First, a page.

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How the NDIS can help you smash your health and fitness goals
19 good reasons to hire someone with intellectual disability
Goal series – how to achieve your employment goals
The many reasons I love my job
5 things people often FORGET in their NDIS planning meeting
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How to speak NDIS
How will you manage your NDIS budget?
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The biggest NDIS myths debunked
How to prepare for your NDIS plan review
What to do if you’re unhappy with your NDIS plan
Planning the unplannable – preparing for the NDIS with an episodic disability
Queensland’s Taxi Subsidy Scheme – what you need to know
Reviewing the NDIS: our take on the Productivity Commission price review.
Meet the rugby league players making a difference
What is ‘Capacity’ and why does it matter?
Housing options under the NDIS
Chris Taylor’s journey into the NDIS with stepson
Improving your communication with people with a disability
Step up and say NO to bullying! For people with an intellectual disability.
Virtual learning becomes a reality
I refuse to let Autism define me
NDIS price increases welcome
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QLD Premier gives top awards to Endeavour Foundation’s long-serving supported employees with 90 years of combined service
Senator Jan McLucas will be at two public forums about the NDIS
Do you ever get a feeling after walking out of something important that you forgot to say something?
Or the feeling of needing information and not having it on hand?
We talk to plenty of people after they’ve met with their planner, and here are some common things people regret not saying or bringing with them.
A lot of people forget to get the contact details of the best person to follow up with after the meeting.
It often happens that people remember something after the planning or want to send through extra information. It’s important to get the contact details of this person so you know exactly who to talk to.
If you do one piece of NDIS planning, click below:
Map My World
This handy resource has been designed to help you not only prepare for your planning meeting, but once you’re in the meeting it’s a great checklist to make sure you haven’t forgotten to say something.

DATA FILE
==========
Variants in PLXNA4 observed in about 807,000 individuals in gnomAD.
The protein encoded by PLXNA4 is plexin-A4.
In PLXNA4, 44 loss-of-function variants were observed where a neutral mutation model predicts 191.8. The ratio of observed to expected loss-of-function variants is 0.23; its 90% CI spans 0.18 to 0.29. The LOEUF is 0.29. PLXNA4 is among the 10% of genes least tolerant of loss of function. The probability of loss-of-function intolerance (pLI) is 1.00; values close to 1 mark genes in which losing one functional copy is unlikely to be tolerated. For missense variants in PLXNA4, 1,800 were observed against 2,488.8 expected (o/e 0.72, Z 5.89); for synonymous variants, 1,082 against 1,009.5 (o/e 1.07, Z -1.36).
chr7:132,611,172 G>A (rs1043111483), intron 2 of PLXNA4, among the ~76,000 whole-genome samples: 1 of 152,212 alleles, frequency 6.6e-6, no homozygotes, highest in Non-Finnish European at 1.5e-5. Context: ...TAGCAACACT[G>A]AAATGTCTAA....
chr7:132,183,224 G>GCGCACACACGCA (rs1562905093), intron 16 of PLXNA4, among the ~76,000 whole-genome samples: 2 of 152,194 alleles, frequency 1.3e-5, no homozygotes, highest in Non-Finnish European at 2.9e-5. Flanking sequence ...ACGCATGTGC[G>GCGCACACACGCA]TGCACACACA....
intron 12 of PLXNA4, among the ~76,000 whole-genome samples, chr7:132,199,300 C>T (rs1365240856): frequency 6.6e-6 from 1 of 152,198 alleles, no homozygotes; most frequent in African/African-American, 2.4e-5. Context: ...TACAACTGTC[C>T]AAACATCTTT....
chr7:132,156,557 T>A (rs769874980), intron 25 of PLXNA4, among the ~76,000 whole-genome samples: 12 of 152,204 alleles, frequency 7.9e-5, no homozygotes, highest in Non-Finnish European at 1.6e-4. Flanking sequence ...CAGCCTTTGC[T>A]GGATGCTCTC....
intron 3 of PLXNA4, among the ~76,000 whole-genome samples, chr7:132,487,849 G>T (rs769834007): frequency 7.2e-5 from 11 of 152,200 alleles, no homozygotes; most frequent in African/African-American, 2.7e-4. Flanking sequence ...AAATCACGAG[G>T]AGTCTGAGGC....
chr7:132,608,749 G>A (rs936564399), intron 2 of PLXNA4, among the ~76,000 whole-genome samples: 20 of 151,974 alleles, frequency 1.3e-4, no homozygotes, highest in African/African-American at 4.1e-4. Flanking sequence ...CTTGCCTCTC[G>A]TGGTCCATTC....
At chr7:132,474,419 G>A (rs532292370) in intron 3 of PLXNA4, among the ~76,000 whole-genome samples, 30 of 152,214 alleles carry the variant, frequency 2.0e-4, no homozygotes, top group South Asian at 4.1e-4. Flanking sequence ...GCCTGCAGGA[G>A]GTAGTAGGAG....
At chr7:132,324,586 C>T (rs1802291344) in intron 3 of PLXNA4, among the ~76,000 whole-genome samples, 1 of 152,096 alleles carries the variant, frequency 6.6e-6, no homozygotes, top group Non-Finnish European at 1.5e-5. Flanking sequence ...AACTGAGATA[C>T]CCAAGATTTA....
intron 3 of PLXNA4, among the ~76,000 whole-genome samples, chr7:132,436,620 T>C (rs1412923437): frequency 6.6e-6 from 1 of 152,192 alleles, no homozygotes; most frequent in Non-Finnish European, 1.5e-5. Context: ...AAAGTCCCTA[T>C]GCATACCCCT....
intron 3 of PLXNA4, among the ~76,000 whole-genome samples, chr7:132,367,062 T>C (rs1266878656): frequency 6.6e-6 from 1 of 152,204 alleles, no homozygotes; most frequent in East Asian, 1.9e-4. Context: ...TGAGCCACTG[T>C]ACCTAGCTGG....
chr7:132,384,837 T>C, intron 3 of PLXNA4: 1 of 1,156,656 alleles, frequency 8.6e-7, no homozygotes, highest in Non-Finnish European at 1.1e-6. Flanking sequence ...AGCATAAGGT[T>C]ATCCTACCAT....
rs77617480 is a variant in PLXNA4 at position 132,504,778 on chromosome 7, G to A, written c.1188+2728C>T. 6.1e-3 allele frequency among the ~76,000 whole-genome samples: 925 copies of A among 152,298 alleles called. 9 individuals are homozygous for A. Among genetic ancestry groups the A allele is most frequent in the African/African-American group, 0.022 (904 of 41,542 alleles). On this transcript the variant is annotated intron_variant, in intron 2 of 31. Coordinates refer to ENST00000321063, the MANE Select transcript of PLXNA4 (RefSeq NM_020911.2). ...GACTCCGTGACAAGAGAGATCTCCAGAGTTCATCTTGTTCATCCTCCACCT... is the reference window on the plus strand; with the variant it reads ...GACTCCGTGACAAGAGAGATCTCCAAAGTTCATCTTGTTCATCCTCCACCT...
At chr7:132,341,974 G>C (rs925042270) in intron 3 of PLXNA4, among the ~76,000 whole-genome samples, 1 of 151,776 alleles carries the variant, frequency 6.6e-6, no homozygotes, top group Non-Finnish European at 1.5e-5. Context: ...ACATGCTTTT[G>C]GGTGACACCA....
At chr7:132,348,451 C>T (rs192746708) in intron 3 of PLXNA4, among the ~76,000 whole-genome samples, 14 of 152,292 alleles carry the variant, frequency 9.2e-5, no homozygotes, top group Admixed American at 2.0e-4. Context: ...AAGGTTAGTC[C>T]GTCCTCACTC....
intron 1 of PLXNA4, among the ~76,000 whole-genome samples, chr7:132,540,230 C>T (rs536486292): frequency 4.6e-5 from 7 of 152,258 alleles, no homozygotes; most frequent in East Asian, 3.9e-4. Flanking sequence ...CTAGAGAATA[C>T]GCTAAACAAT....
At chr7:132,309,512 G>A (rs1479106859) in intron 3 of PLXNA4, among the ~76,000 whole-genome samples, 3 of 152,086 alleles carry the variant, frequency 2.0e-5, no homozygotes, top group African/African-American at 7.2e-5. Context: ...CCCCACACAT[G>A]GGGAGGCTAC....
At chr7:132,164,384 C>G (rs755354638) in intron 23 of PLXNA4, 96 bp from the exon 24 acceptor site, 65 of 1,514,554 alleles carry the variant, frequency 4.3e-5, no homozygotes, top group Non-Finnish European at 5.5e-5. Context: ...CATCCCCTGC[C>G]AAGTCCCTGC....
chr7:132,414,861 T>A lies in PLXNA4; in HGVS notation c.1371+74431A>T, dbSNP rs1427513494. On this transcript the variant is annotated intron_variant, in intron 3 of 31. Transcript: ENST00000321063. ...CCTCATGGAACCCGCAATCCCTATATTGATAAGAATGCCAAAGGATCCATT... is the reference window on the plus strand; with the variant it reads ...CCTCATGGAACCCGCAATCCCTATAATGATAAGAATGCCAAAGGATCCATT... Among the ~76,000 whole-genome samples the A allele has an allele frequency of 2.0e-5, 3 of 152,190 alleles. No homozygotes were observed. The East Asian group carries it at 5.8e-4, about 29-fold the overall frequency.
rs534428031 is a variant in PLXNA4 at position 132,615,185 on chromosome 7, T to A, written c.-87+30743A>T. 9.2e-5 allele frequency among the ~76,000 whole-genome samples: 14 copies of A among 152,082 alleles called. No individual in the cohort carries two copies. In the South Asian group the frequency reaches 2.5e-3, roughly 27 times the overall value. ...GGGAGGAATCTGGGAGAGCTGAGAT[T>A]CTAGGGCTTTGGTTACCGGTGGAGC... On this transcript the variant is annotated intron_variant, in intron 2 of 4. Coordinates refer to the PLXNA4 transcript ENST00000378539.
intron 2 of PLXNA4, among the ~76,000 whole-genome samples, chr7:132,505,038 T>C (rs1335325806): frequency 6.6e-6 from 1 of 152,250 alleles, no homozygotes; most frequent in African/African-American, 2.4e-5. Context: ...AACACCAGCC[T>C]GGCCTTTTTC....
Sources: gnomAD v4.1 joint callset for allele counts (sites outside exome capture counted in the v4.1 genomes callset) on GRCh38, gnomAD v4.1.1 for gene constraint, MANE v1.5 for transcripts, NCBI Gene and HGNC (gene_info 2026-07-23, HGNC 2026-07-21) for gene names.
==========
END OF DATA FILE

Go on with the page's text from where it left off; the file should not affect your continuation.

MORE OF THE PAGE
Everyone’s NDIS experience will be different, so it’s important that you get the right information for you and your circumstance.
By taking along a list of questions, you’ll be ensuring that you have everything you, as an individual need.
Not sure what to ask? We did a blog ’
10 things to ask in your NDIS Planning meeting’ to get you started.
Relevant documentation is really anything that you think will paint a better picture of your needs. This can be related to you, your disability, your health or your current supports.
If in doubt? Bring it along!
If you forget to bring it, you can send it through later but it can hold up the process.
Examples of documents we could suggest to people:
Proof of your disability
Other proof that is good to have:
If you’re someone who’s prepared and in the know, this might be you.
If you don’t have time, or if the NDIS is just too overwhelming, or if the meeting has snuck up on you, make sure you have someone on your team who you trust and who understands the NDIA.
Many people choose to bring a service provider, family member or friend.
A pre-planning booklet to help you to think about the supports you want and need – now and in the future – before meeting with your NDIA planner.
A practical, comprehensive guide to the NDIS, to help people understand the various components of the NDIS and how to access them.
A handy guide of NDIS FAQs and a glossary so you can familiarise yourself with NDIS language before your planning meeting.